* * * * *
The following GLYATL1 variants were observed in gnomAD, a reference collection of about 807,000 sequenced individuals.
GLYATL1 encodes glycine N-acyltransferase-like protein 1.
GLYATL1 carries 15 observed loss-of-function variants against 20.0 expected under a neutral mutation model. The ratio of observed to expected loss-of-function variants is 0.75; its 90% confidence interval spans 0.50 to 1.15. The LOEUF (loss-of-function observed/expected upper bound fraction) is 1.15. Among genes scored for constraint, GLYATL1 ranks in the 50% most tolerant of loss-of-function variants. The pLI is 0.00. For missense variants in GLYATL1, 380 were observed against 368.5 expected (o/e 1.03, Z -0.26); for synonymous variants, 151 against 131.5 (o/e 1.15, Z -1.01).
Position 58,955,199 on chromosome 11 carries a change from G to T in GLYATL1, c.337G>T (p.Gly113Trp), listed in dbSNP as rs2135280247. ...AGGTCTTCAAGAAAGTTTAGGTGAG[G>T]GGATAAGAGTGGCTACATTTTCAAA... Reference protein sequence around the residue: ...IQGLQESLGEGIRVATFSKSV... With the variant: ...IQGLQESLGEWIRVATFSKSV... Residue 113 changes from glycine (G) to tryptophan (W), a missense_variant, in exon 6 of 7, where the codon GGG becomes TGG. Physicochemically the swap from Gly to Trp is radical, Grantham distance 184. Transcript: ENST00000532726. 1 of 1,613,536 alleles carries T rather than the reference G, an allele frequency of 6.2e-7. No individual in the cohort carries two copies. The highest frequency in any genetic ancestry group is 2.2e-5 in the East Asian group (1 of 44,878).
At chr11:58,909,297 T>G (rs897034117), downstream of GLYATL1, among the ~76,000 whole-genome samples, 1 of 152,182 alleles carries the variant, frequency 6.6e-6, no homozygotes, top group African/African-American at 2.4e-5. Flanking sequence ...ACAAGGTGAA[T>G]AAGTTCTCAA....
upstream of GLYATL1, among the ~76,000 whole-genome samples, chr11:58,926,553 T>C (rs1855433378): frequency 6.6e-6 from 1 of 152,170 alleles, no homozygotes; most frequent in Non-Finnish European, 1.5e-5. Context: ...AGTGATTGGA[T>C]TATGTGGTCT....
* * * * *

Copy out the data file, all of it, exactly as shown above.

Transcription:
The following GLYATL1 variants were observed in gnomAD, a reference collection of about 807,000 sequenced individuals.
GLYATL1 encodes glycine N-acyltransferase-like protein 1.
GLYATL1 carries 15 observed loss-of-function variants against 20.0 expected under a neutral mutation model. The ratio of observed to expected loss-of-function variants is 0.75; its 90% confidence interval spans 0.50 to 1.15. The LOEUF (loss-of-function observed/expected upper bound fraction) is 1.15. Among genes scored for constraint, GLYATL1 ranks in the 50% most tolerant of loss-of-function variants. The pLI is 0.00. For missense variants in GLYATL1, 380 were observed against 368.5 expected (o/e 1.03, Z -0.26); for synonymous variants, 151 against 131.5 (o/e 1.15, Z -1.01).
Position 58,955,199 on chromosome 11 carries a change from G to T in GLYATL1, c.337G>T (p.Gly113Trp), listed in dbSNP as rs2135280247. ...AGGTCTTCAAGAAAGTTTAGGTGAG[G>T]GGATAAGAGTGGCTACATTTTCAAA... Reference protein sequence around the residue: ...IQGLQESLGEGIRVATFSKSV... With the variant: ...IQGLQESLGEWIRVATFSKSV... Residue 113 changes from glycine (G) to tryptophan (W), a missense_variant, in exon 6 of 7, where the codon GGG becomes TGG. Physicochemically the swap from Gly to Trp is radical, Grantham distance 184. Transcript: ENST00000532726. 1 of 1,613,536 alleles carries T rather than the reference G, an allele frequency of 6.2e-7. No individual in the cohort carries two copies. The highest frequency in any genetic ancestry group is 2.2e-5 in the East Asian group (1 of 44,878).
At chr11:58,909,297 T>G (rs897034117), downstream of GLYATL1, among the ~76,000 whole-genome samples, 1 of 152,182 alleles carries the variant, frequency 6.6e-6, no homozygotes, top group African/African-American at 2.4e-5. Flanking sequence ...ACAAGGTGAA[T>G]AAGTTCTCAA....
upstream of GLYATL1, among the ~76,000 whole-genome samples, chr11:58,926,553 T>C (rs1855433378): frequency 6.6e-6 from 1 of 152,170 alleles, no homozygotes; most frequent in Non-Finnish European, 1.5e-5. Context: ...AGTGATTGGA[T>C]TATGTGGTCT....